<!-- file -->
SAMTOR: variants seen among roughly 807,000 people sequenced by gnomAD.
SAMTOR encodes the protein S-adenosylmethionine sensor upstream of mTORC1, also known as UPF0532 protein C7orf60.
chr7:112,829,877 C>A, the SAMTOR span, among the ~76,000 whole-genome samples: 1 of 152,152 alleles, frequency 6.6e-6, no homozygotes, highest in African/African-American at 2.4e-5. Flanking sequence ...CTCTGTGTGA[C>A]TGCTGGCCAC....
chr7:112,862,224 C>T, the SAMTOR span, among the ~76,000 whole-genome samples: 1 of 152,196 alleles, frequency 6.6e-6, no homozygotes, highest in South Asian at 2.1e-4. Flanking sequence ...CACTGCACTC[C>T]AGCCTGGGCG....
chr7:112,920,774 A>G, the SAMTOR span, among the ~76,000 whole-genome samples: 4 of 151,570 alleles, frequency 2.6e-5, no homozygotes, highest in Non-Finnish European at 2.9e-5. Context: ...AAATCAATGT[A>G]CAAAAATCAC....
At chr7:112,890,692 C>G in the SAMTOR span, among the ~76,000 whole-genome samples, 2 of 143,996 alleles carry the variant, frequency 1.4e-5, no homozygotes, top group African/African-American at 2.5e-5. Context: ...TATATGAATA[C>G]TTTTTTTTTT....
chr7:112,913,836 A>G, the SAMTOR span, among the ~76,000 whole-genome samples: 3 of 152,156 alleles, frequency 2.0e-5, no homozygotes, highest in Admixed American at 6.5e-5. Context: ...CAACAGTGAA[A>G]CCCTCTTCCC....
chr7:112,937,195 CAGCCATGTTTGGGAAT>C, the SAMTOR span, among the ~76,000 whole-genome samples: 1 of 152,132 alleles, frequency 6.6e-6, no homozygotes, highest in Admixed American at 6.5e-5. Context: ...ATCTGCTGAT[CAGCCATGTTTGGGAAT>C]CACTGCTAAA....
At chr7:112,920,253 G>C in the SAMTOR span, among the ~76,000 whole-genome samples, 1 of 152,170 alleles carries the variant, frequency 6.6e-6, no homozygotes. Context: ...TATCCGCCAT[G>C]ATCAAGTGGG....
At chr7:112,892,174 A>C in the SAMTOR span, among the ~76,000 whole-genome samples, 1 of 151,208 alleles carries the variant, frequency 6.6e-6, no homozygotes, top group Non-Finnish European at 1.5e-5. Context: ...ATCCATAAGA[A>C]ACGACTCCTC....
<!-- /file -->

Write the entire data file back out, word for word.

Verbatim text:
SAMTOR: variants seen among roughly 807,000 people sequenced by gnomAD.
SAMTOR encodes the protein S-adenosylmethionine sensor upstream of mTORC1, also known as UPF0532 protein C7orf60.
chr7:112,829,877 C>A, the SAMTOR span, among the ~76,000 whole-genome samples: 1 of 152,152 alleles, frequency 6.6e-6, no homozygotes, highest in African/African-American at 2.4e-5. Flanking sequence ...CTCTGTGTGA[C>A]TGCTGGCCAC....
chr7:112,862,224 C>T, the SAMTOR span, among the ~76,000 whole-genome samples: 1 of 152,196 alleles, frequency 6.6e-6, no homozygotes, highest in South Asian at 2.1e-4. Flanking sequence ...CACTGCACTC[C>T]AGCCTGGGCG....
chr7:112,920,774 A>G, the SAMTOR span, among the ~76,000 whole-genome samples: 4 of 151,570 alleles, frequency 2.6e-5, no homozygotes, highest in Non-Finnish European at 2.9e-5. Context: ...AAATCAATGT[A>G]CAAAAATCAC....
At chr7:112,890,692 C>G in the SAMTOR span, among the ~76,000 whole-genome samples, 2 of 143,996 alleles carry the variant, frequency 1.4e-5, no homozygotes, top group African/African-American at 2.5e-5. Context: ...TATATGAATA[C>G]TTTTTTTTTT....
chr7:112,913,836 A>G, the SAMTOR span, among the ~76,000 whole-genome samples: 3 of 152,156 alleles, frequency 2.0e-5, no homozygotes, highest in Admixed American at 6.5e-5. Context: ...CAACAGTGAA[A>G]CCCTCTTCCC....
chr7:112,937,195 CAGCCATGTTTGGGAAT>C, the SAMTOR span, among the ~76,000 whole-genome samples: 1 of 152,132 alleles, frequency 6.6e-6, no homozygotes, highest in Admixed American at 6.5e-5. Context: ...ATCTGCTGAT[CAGCCATGTTTGGGAAT>C]CACTGCTAAA....
At chr7:112,920,253 G>C in the SAMTOR span, among the ~76,000 whole-genome samples, 1 of 152,170 alleles carries the variant, frequency 6.6e-6, no homozygotes. Context: ...TATCCGCCAT[G>C]ATCAAGTGGG....
At chr7:112,892,174 A>C in the SAMTOR span, among the ~76,000 whole-genome samples, 1 of 151,208 alleles carries the variant, frequency 6.6e-6, no homozygotes, top group Non-Finnish European at 1.5e-5. Context: ...ATCCATAAGA[A>C]ACGACTCCTC....